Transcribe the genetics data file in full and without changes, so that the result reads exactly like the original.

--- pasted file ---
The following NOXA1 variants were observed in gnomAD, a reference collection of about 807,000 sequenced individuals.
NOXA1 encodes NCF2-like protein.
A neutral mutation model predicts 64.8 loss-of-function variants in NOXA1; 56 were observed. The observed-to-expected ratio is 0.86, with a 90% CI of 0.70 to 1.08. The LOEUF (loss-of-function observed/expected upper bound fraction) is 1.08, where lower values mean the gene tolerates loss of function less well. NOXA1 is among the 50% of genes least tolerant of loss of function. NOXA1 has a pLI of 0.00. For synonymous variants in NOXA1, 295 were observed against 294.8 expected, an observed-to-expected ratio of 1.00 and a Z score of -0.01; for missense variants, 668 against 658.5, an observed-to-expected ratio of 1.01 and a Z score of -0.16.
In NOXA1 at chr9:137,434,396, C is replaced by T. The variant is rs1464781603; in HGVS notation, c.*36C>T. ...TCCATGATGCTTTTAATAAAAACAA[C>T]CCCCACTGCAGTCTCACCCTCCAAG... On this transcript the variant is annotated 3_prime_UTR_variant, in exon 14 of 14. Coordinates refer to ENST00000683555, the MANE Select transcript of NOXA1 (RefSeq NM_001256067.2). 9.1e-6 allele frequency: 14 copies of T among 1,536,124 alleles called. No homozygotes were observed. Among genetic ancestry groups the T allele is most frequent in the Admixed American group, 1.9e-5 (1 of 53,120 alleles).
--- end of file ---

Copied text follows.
The following NOXA1 variants were observed in gnomAD, a reference collection of about 807,000 sequenced individuals.
NOXA1 encodes NCF2-like protein.
A neutral mutation model predicts 64.8 loss-of-function variants in NOXA1; 56 were observed. The observed-to-expected ratio is 0.86, with a 90% CI of 0.70 to 1.08. The LOEUF (loss-of-function observed/expected upper bound fraction) is 1.08, where lower values mean the gene tolerates loss of function less well. NOXA1 is among the 50% of genes least tolerant of loss of function. NOXA1 has a pLI of 0.00. For synonymous variants in NOXA1, 295 were observed against 294.8 expected, an observed-to-expected ratio of 1.00 and a Z score of -0.01; for missense variants, 668 against 658.5, an observed-to-expected ratio of 1.01 and a Z score of -0.16.
In NOXA1 at chr9:137,434,396, C is replaced by T. The variant is rs1464781603; in HGVS notation, c.*36C>T. ...TCCATGATGCTTTTAATAAAAACAA[C>T]CCCCACTGCAGTCTCACCCTCCAAG... On this transcript the variant is annotated 3_prime_UTR_variant, in exon 14 of 14. Coordinates refer to ENST00000683555, the MANE Select transcript of NOXA1 (RefSeq NM_001256067.2). 9.1e-6 allele frequency: 14 copies of T among 1,536,124 alleles called. No homozygotes were observed. Among genetic ancestry groups the T allele is most frequent in the Admixed American group, 1.9e-5 (1 of 53,120 alleles).